Monday, September 9, 2019

Movie Review: IT - Chapter Two (2019)

IT: Chapter Two is to its predecessor like Kill Bill vol. 2 was to vol. 1.  In both cases the first half is a visceral, thrilling exercise in style, while the second deals more with the consequences and the characters, lending added weight and profundity to the story as a whole.  It has its share of scary moments, but it's about something much more substantial than that.  I kinda loved this movie.


We pick up 27 years after the first film; an adult Mike Hanlon (the one Losers Club member who stayed in Derry, played by Isaiah Mustafa) summons the others back home because the evil entity Pennywise has returned.  Bill Denbrough (a somber, emotive James McAvoy) is now an accomplished author/screenwriter (who like Stephen King himself has developed a reputation for writing bad endings - meta-joke alert!); Eddie Kaspbrak (James Ransone looking like a grown-up dead ringer for Jack Dylan Grazer) is a Manhattan risk assessor, married to a woman much like his domineering mother (played by the same actress, in a nice touch); Richie Tozier (show stealer Bill Hader, in a breakout performance of biting sarcasm masking genuine melancholy) is a hotshot standup comedian; Ben Hanscom (Jay Ryan) is a wildly successful architect, now buff but lonely; Stanley Uris (Andy Bean) is an accountant, ever consumed by fear; and Beverly Marsh (Jessica Chastain, wonderfully sympathetic as always) is a successful fashion designer married to an abusive bastard.  The early scenes in which we catch up with these characters and see them reunite felt like visiting old friends again; their dinner reunion scene was note-perfect and I could've watched them interact for hours (maybe the only gripe I have with this film is that scenes like this didn't go on longer).

The adult actors are all brilliantly cast to match up with their childhood counterparts, and their touching performances and chemistry form the backbone of this film.  Yes, Pennywise and his scary clown antics are what sell the tickets, but for me Chapter Two was much more about these damaged adult children overcoming their respective childhood traumas (stuff like this is why IT 1 & 2 will become perennial viewings in my house).  I think that was always what Stephen King was getting at with this story, thus complaints of "Not as scary as Chapter One" seem to be missing the point.  This film is probably not as scary as the first; we go into this one already knowing what Pennywise is about and how he operates, thus the scares mostly play out as we expect.  But since the characters are so well-drawn and brought to life, we care about what happens to them and the horror elements work both from a technical and emotional standpoint.  I actually found myself tearing up one more than one occasion, a reaction I'm not sure any other horror film has brought out of me.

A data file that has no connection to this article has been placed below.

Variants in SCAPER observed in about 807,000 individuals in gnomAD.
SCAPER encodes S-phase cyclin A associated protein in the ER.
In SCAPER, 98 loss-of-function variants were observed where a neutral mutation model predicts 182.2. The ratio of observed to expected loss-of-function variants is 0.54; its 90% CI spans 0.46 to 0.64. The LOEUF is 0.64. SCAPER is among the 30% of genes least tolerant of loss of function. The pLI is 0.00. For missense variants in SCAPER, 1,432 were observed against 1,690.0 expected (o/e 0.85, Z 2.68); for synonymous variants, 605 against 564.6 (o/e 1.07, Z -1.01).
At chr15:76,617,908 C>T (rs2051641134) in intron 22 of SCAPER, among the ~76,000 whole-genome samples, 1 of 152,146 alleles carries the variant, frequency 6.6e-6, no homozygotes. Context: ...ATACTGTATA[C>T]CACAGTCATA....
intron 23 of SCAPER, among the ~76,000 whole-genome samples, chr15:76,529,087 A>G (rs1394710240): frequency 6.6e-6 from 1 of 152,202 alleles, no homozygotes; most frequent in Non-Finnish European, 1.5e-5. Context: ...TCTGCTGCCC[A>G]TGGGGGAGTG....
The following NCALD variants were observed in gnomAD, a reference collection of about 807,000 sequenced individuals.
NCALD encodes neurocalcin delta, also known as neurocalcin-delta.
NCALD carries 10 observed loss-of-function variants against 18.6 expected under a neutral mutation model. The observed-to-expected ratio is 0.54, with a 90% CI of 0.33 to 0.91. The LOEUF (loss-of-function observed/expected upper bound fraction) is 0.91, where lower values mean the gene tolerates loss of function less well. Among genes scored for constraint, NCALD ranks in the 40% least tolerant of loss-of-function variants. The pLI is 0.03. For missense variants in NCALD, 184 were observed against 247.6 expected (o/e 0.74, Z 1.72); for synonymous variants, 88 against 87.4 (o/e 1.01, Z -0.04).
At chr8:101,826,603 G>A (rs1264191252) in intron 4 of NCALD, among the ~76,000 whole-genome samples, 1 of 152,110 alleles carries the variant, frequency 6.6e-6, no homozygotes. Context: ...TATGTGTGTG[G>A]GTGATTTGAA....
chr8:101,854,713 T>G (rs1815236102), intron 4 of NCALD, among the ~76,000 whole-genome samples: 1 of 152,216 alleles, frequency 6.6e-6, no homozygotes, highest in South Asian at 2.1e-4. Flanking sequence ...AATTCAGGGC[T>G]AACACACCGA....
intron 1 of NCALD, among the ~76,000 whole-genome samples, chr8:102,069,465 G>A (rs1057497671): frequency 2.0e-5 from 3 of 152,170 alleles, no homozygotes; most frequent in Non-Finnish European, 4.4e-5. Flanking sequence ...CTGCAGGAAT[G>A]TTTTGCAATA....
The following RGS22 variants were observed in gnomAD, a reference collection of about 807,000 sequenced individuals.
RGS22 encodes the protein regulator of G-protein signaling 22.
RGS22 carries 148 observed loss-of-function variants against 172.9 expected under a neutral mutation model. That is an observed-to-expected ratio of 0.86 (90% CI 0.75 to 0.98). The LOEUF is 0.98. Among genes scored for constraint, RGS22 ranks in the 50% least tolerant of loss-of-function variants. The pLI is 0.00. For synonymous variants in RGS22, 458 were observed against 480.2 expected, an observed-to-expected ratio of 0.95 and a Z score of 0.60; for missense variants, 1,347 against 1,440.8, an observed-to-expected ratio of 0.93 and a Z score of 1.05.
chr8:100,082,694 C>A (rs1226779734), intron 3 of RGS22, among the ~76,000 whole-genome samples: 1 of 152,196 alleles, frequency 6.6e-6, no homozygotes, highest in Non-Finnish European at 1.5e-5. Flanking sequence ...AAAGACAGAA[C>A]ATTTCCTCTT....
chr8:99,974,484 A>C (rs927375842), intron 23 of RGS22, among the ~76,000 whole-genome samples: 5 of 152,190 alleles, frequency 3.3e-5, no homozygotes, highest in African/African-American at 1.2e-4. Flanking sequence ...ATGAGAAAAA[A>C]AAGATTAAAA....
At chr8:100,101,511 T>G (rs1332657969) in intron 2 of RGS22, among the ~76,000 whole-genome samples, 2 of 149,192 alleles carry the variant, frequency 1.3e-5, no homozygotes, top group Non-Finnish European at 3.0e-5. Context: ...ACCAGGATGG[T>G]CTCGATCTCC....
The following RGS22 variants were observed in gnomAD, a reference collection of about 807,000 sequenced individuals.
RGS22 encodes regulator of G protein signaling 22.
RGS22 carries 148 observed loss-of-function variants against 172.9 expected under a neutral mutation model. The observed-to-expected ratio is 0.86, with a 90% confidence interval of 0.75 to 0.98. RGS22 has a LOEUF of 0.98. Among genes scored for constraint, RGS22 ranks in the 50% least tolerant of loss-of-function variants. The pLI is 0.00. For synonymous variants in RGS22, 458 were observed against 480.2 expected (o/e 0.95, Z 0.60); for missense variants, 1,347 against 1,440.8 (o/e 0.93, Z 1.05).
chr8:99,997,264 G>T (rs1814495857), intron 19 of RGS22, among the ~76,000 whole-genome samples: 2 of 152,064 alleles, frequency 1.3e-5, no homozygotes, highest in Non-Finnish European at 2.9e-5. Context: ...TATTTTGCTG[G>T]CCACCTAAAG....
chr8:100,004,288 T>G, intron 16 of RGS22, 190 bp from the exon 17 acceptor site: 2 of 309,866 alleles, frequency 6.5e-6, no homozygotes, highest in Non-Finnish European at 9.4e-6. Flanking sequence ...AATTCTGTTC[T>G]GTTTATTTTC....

As for Pennywise, Bill Skarsgard is chillingly fantastic once again, swinging for the fences and delivering multiple unnerving moments, the best of which occurs early in the film under the bleachers at a baseball game (This scene is fucking HORRIFYING).  But Pennywise seems to have less screen time here, as more of the film is devoted to the Losers Club, their friendships, their tribulations.

I've read several reviews complaining about the film's near-three-hour running time, but for me Chapter Two felt long in a good way, suitably epic, but not once did it drag, and when the lights came up I didn't want it to be over.  I wanted to spend even more time with these characters and see how they all turned out.

One of the most effective sections for me is an extended sequence where each of the Losers, who have strangely forgotten most of what happened to them in 1989, have to retrieve an "artifact," something meaningful they left behind as kids.  This task triggers memories they buried, of a time when their group friendship fell apart for a month.  Said sequence features numerous additional scenes of the child actors (newly filmed and digitally altered to "de-age" the kids, mostly seamlessly), and we get to discover more of what happened to them that summer and why they were drawn back to each other.  This further fleshes out both incarnations of our Losers Club characters and invests us fully in the eventual showdown with Pennywise, making it more than just a flashy light show.

Now taken as a whole, IT becomes an epic two-part parable about conquering everything used to divide us - hate, fear, intolerance, guilt, suffering - and finding strength in each other, stamping out our personal demons, and above all being guided by love (Wasn't it Mickey Knox in Natural Born Killers who said "Love beats the demon?").  For its flaws, IT: Chapter Two is wonderfully touching and makes the first movie more meaningful, elevating it above other roller coaster horror films.  It is an equal, and in some ways superior, to Chapter One.

I give the film ***1/2 out of ****.

For a review of Chapter One, click HERE.

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